From his restaurant in Evanston, Ill., he fed hungry students and the Chicago Bulls, and counseled high schoolers, mayors, a governor and a young Barack Obama.
Hecky Powell had a deal with one of his longtime employees, a woman who had struggled with a drug habit. Every time she attended a rehab meeting, he paid her $15. If she worked a full week, she got a bonus. But if she flaked, she lost the entire week’s wages.
Mr. Powell, whose South Side Chicago-style barbecue restaurant was an institution in Evanston, Ill., liked to say that he didn’t want to give people handouts — he wanted to give them skills. From his office, chockablock with awards, newspaper clippings, banners and plaques in his name, he mentored the young and the disadvantaged as well as the powerful. He died on May 22 at 71 in a hospital in Glenview, Ill. His wife, Cheryl Judice, said the cause was complications of Covid-19.
Mr. Powell fed Northwestern University students who didn’t have the money to travel home for Thanksgiving. He paid struggling high school students $20 for every A they earned. He offered scholarships and grants to countless others.
He also fed the Chicago Bulls, catering the team’s private plane on occasion at the request of their All-Star forward Scottie Pippen, and he once advised a young Barack Obama when Mr. Obama was running for the Illinois Senate.
“I have just met the first African-American vice president,” he told his wife.
“He was the unofficial mayor of Evanston,” said Stephen H. Hagerty, the city’s actual mayor. He recalled how Mr. Powell had driven him through the Fifth Ward, the heart of Evanston’s black community, to give him a history lesson when Mr. Hagerty was running for office. And Mr. Powell had long been a sounding board for his friend J.B. Pritzker, even before Mr. Pritzker, a Democrat, became governor of Illinois last year. Mr. Powell would always speak his mind, the governor said in a phone interview.
“I don’t want to say he was blunt; that sounds too abrupt,” Mr. Pritzker said. “Hecky was genuine, straightforward and practical. He wasn’t an ideologue. He was a problem solver. He might be conservative on one issue and liberal on another. ”
His candor could strike some people the wrong way. In 2003, when Mr. Powell was a member of the local school board, he questioned a survey that categorized biracial students as either black or white. “In America, we’re all mutts,” he said. “I’m a mutt.”
There was blowback. The word “mutt” was a racist slur, many complained.
Afterward, Mr. Powell, whose mother is Creole, mischievously added a Mutt Special to Hecky’s menu (a combo platter of fried chicken, rib tips and hot links). Mr. Powell said the name was an acronym for “Me Uttering the Truth.”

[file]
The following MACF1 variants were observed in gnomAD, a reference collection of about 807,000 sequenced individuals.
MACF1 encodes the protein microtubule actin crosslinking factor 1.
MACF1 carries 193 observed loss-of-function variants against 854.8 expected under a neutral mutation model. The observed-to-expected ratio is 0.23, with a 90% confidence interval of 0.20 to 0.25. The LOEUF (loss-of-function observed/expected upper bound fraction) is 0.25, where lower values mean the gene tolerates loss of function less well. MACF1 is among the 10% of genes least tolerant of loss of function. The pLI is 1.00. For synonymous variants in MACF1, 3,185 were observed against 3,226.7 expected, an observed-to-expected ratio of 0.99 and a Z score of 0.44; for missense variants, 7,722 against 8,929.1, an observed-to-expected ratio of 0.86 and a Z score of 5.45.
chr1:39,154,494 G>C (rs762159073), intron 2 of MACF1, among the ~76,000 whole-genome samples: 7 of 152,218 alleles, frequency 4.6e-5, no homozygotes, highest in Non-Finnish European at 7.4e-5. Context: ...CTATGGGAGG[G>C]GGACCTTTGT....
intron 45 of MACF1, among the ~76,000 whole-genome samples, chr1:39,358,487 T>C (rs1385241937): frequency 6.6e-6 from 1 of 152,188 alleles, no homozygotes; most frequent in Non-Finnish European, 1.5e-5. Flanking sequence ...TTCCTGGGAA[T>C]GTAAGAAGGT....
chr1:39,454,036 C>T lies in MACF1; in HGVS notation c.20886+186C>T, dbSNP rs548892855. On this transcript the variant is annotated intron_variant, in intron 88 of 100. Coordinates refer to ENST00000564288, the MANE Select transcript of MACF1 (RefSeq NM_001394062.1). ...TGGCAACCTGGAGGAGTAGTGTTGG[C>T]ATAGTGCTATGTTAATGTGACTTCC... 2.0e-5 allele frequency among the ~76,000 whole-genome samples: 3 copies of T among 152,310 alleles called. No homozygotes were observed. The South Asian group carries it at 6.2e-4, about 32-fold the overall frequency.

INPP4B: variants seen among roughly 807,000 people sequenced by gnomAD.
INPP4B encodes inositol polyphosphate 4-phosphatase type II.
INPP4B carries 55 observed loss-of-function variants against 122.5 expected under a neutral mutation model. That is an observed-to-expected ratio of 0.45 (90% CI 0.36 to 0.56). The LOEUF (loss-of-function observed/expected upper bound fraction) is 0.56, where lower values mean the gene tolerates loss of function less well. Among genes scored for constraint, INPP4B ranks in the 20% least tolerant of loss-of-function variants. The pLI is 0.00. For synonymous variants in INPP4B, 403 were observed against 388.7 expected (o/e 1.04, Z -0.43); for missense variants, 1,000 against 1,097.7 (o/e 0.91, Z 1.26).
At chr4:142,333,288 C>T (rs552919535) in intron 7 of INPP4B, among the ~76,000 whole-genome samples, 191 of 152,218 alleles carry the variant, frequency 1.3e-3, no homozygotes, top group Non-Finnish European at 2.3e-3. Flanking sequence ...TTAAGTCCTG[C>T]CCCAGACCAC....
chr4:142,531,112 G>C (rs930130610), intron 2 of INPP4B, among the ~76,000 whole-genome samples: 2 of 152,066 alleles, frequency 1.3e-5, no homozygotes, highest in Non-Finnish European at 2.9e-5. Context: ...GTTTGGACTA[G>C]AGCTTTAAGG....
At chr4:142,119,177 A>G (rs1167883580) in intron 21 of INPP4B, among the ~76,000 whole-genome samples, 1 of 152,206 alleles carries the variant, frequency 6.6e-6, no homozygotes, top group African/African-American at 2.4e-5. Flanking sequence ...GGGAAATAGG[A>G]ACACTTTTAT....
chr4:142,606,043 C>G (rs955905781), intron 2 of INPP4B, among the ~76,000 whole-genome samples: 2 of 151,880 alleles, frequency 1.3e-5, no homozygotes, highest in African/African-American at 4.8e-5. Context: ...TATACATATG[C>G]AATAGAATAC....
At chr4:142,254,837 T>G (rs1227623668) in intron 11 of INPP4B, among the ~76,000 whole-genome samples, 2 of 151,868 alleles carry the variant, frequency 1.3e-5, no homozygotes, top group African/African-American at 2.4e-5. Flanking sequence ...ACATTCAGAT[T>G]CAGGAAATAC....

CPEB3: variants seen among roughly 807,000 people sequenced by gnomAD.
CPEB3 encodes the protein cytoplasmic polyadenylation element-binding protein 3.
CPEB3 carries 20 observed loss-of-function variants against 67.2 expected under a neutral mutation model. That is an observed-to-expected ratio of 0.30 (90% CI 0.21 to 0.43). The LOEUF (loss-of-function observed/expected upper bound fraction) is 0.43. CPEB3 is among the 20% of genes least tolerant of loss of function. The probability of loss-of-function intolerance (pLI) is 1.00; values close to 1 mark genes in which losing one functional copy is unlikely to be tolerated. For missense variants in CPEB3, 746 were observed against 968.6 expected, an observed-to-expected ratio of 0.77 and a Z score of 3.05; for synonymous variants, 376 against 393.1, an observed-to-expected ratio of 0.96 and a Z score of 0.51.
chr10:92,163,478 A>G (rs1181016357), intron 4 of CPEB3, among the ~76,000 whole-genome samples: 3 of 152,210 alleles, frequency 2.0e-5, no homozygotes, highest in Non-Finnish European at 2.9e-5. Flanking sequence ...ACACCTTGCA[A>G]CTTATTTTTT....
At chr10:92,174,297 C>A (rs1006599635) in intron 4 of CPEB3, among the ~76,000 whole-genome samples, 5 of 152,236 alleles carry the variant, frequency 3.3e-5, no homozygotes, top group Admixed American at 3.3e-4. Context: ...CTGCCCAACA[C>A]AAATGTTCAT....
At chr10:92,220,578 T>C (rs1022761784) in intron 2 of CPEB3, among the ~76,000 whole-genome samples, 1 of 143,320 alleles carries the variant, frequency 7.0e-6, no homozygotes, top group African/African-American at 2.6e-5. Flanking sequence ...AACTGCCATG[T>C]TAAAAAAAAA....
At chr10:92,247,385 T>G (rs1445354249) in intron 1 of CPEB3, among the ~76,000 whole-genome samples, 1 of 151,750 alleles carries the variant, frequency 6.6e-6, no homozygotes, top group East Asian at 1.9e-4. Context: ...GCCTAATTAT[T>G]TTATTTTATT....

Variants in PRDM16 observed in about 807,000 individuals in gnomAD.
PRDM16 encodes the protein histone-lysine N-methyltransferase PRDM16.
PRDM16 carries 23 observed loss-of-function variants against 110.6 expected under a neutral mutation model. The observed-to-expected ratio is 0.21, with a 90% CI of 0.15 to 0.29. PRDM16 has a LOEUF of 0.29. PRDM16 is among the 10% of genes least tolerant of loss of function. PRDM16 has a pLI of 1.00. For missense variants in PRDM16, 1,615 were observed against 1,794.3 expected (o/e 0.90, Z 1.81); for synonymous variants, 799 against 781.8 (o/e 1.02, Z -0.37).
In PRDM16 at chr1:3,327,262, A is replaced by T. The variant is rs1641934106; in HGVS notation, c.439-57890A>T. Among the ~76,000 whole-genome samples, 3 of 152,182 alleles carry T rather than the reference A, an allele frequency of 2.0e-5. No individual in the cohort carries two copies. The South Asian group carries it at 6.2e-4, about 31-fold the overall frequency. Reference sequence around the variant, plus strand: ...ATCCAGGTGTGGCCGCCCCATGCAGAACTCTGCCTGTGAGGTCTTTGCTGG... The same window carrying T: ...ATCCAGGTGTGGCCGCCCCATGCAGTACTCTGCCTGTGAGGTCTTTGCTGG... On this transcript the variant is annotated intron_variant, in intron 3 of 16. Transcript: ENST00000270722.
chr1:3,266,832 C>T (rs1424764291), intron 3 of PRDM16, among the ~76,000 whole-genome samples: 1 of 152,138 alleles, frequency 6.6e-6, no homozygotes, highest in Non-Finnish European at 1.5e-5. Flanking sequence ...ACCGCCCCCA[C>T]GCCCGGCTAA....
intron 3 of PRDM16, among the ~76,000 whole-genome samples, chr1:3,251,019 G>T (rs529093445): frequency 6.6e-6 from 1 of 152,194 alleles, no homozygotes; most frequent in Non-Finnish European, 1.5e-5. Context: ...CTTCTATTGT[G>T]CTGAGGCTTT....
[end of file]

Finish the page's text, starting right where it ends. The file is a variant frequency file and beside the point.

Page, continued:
In 2008, when President-elect Obama declared himself a mutt, too, in response to a question about what kind of shelter dog he might adopt for his daughters, Mr. Powell felt vindicated. “Obama ‘Mutt’ Remark Gets Evanston Man Out of the Dog House,” a Chicago television station declared.
“Hecky would tell you that the only color that matters in this country is green,” Ms. Judice said.
Harry William Powell was born on Nov. 6, 1948, at Cook County Hospital in Chicago (now the John H. Stroger Jr. Hospital of Cook County). His mother, Verna (Jenkins) Powell, a New Orleans native, had been forced to give birth there because there was no room at the Community Hospital of Evanston, the only one in town then that accepted black patients. His father, Forrest Powell, was a buildings custodian who did maintenance work for wealthy white families on the side.
One of nine siblings, Hecky — he inherited the nickname from an uncle — was a teenage father with a wild streak that landed him in state detention for eight months on a vandalism charge. He earned a college degree at the University Without Walls, a nontraditional degree program at Northeastern Illinois University, while working as a community organizer and social services director in Evanston.
In 1983, Mr. Powell and Ms. Judice, a sociologist, had been dating for several years and working side by side on community initiatives when the restaurant next to Mr. Powell’s office came on the market. The couple bought it. They knew nothing about food, Ms. Judice said, but Mr. Powell’s mother certainly did.
Verna Powell had lost her job at a restaurant, and her husband was out of work, too. The idea was that the elder Powells would run the place. They named it Hecky’s. It offered a full barbecue menu (including sauce-drenched ribs and rib tips on a bed of fries and two slices of Wonder Bread), for takeout, delivery and catering only.
Hecky’s soon had a motto, “It’s the Sauce,” and a following. William Perry, a Chicago Bears lineman aptly known as the Refrigerator, was an early customer.
In 1996, Mr. Powell and Evanston’s mayor at the time, Lorraine Morton, made a bet with the mayor of Pasadena that Northwestern’s Wildcats would beat the University of Southern California in the Rose Bowl. When their home team lost, Mr. Powell made ribs and chicken for Pasadena’s entire City Council.
Kevin Pang, a food writer in Chicago, said that by virtue of having a restaurant in the suburb of Evanston near the Northwestern campus, Mr. Powell had introduced a wider world to South Side-style barbecue, prepared in an aquarium smoker and slathered in sauce. (Hecky’s ultimately bottled its sauce and sold it nationwide.)
“Hecky took a finicky, hard-to-replicate style of barbecue, studied by few and mastered by even fewer, and absolutely nailed it,” Mr. Pang said. “He smoked rib tips and hot links as good as any one in the Midwest.”